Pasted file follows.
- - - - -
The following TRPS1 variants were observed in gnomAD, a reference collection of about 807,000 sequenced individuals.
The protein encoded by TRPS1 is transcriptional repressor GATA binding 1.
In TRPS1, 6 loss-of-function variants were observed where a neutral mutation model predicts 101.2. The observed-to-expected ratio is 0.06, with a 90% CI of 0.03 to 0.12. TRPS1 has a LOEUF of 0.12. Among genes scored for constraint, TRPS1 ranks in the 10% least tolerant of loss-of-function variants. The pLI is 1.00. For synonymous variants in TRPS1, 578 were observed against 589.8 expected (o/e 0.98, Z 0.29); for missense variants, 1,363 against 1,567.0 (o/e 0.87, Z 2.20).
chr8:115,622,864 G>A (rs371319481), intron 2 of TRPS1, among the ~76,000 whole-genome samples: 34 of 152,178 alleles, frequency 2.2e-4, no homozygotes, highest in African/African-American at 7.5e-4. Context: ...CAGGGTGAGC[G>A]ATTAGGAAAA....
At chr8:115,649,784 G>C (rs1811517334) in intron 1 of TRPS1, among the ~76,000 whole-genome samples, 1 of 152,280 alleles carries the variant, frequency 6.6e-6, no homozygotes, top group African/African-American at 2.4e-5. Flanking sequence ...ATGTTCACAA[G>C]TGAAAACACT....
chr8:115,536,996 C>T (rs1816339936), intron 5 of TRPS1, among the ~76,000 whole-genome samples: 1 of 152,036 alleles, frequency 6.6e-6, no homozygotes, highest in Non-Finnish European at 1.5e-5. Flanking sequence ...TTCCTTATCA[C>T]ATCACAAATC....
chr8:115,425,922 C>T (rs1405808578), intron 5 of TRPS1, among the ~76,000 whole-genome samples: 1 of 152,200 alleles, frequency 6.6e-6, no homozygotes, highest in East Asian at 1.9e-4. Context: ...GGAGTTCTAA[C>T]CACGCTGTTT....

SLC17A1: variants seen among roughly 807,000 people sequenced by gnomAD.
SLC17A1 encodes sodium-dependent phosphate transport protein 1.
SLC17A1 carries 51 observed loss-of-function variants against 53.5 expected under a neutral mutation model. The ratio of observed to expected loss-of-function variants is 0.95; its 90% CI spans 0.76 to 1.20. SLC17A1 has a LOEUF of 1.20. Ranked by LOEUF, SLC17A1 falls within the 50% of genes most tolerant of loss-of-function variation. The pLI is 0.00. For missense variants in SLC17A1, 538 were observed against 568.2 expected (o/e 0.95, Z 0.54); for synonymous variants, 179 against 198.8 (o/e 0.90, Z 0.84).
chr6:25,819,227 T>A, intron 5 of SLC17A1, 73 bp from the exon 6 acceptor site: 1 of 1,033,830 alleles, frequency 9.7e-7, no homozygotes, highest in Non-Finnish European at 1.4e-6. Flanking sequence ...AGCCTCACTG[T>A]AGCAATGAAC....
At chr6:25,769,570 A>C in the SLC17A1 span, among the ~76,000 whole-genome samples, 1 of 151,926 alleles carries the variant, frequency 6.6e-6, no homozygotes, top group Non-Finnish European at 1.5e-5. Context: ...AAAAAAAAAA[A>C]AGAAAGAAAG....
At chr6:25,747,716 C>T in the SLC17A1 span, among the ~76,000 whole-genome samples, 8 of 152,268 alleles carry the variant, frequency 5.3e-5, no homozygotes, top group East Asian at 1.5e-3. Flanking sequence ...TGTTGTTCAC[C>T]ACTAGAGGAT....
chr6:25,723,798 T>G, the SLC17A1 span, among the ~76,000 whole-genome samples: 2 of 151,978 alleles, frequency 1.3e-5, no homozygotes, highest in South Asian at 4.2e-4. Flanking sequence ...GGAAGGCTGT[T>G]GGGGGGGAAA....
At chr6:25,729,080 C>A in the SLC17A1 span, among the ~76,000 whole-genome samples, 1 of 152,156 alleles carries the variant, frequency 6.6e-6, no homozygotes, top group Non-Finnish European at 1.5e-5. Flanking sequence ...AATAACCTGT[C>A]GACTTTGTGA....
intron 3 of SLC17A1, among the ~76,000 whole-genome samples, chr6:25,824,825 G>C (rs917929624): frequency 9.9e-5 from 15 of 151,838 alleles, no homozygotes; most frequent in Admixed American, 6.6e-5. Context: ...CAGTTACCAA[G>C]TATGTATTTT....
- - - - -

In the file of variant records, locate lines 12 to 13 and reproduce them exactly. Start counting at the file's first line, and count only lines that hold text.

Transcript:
At chr6:25,769,570 A>C in the SLC17A1 span, among the ~76,000 whole-genome samples, 1 of 151,926 alleles carries the variant, frequency 6.6e-6, no homozygotes, top group Non-Finnish European at 1.5e-5. Context: ...AAAAAAAAAA[A>C]AGAAAGAAAG....
At chr6:25,747,716 C>T in the SLC17A1 span, among the ~76,000 whole-genome samples, 8 of 152,268 alleles carry the variant, frequency 5.3e-5, no homozygotes, top group East Asian at 1.5e-3. Flanking sequence ...TGTTGTTCAC[C>T]ACTAGAGGAT....